Oscar Pistorius case: Athlete cleared of all murder charges

Verdict on culpable homocide still to come as judge says accused was ‘negligent’ in shooting Steenkamp

A South African judge cleared Oscar Pistorius of all murder charges today, saying prosecutors had failed to prove the Olympic and Paralympic track star intended to kill his girlfriend or an imagined intruder on Valentine's Day last year.

A verdict on the less serious charge of culpable homicide is still to come.

Although judge Thokozile Masipa described the 27-year-old as a "very poor" and "evasive" witness, she said this did not mean the track star was necessarily guilty in a case she said was based entirely on circumstantial evidence.

"The state has not proved beyond reasonable doubt that the accused is guilty of premeditated murder," Ms Masipa told the Pretoria High Court. "There are just not enough facts to support such a finding."


She then proceeded to absolveMr Pistorius, who said he shot model and law graduate Reeva Steenkamp in the mistaken belief she was an intruder hiding in a toilet cubicle, of the lesser murder charge of dolus eventualis.

“Clearly he did not subjectively foresee this as a possibility that he would kill the person behind the door - let alone the deceased - as he thought she was in the bedroom,” she told the packed courtroom.

As she delivered her decision, Mr Pistorius, who would have faced at least 25 years behind bars for premeditated murder, sat sobbing in the dock, tears streaming down his cheeks.


However Ms Masipa said he was “negligent” when he shot dead his girlfriend last year. Ms Masipa, who adjourned the reading of her verdict until Fridaymorning , also said she was “not persuaded” that a reasonable person with Mr Pistorius’ abilities would have fired the shots that killed Steenkamp.

Although he has been cleared of the two murder charges, he could still be convicted of culpable homicide for the negligent or reckless killing of Steenkamp, who was hit by four 9mm rounds Pistorius fired through the toilet door at his luxury Pretoria home.

Culpable homicide still carries up to 15 years in jail. Alternatively the double-amputee could be acquitted, allowing him to leave the court and potentially resume his career as one of the biggest names in world athletics.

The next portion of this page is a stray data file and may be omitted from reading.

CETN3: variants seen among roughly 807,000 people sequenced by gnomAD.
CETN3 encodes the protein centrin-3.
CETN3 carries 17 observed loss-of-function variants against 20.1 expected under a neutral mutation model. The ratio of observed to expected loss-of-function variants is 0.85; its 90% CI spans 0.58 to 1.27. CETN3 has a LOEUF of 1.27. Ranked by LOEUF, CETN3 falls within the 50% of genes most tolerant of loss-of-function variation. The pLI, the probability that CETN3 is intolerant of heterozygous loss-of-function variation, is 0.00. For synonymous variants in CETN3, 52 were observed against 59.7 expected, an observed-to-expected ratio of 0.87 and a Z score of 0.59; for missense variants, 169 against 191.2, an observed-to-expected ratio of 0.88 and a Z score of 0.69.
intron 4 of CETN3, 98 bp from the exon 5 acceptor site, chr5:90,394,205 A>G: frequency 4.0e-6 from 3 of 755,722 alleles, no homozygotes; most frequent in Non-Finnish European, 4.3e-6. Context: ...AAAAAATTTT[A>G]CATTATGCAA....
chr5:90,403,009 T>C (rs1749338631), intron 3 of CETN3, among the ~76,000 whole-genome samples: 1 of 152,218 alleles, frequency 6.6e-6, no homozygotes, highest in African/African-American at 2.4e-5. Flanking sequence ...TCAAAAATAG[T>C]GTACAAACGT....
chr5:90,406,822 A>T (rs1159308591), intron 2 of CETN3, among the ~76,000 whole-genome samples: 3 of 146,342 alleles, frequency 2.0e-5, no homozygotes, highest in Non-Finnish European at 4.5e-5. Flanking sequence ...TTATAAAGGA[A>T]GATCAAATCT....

Bowed head

As the judge began her methodical review of the 41-day trial and the charges - which also include three unrelated firearms offences - a pained and forlorn Pistorius bowed his head in the dock.

Ms Masipa, only the second black woman to rise to the bench in South Africa, has remained impassive throughout the often dramatic and gruesome court proceedings, seemingly impervious to the global interest in the case.

In one early blow to Mr Pistorius, Ms Masipa said defence allegations of police contamination of the crime scene “paled into insignificance”.

However, as she drew up a detailed timeline of the shooting on Valentine’s Day last year, she questioned the reliability of state witnesses, including that of a neighbour who testified to hearing screams of a woman.

She also rejected a mass of instant messaging evidence presented by both prosecution and defence to suggest, respectively, that the couple‘s relationship was on the rocks or loving and strong.

“Normal relationships are dynamic and unpredictable most of the time, while human beings are fickle,” she said. “None of the evidence of a loving relationship, or a relationship turned sour, can assist this court.” Earlier, Ms Masipa began by outlining in detail the four charges against the Olympic runner: murder, two counts of unlawfully firing a gun in a public place in unrelated incidents and one count of illegal possession of ammunition.

Mr Pistorius sat looking straight ahead in the direction of the judge as she was explaining her upcoming decision from documents on a stand in front of her. Her two legal aides sat on either side.

Before the session began, Mr Pistorius hugged his brother Carl, who was seated in a wheelchair because of injuries suffered in a recent car crash.

Steenkamp’s parents were also in the packed gallery.

Other members of Mr Pistorius’s family, including his father Henke, sat behind him. If he is convicted on any charge, the case will likely be postponed until a later sentencing hearing.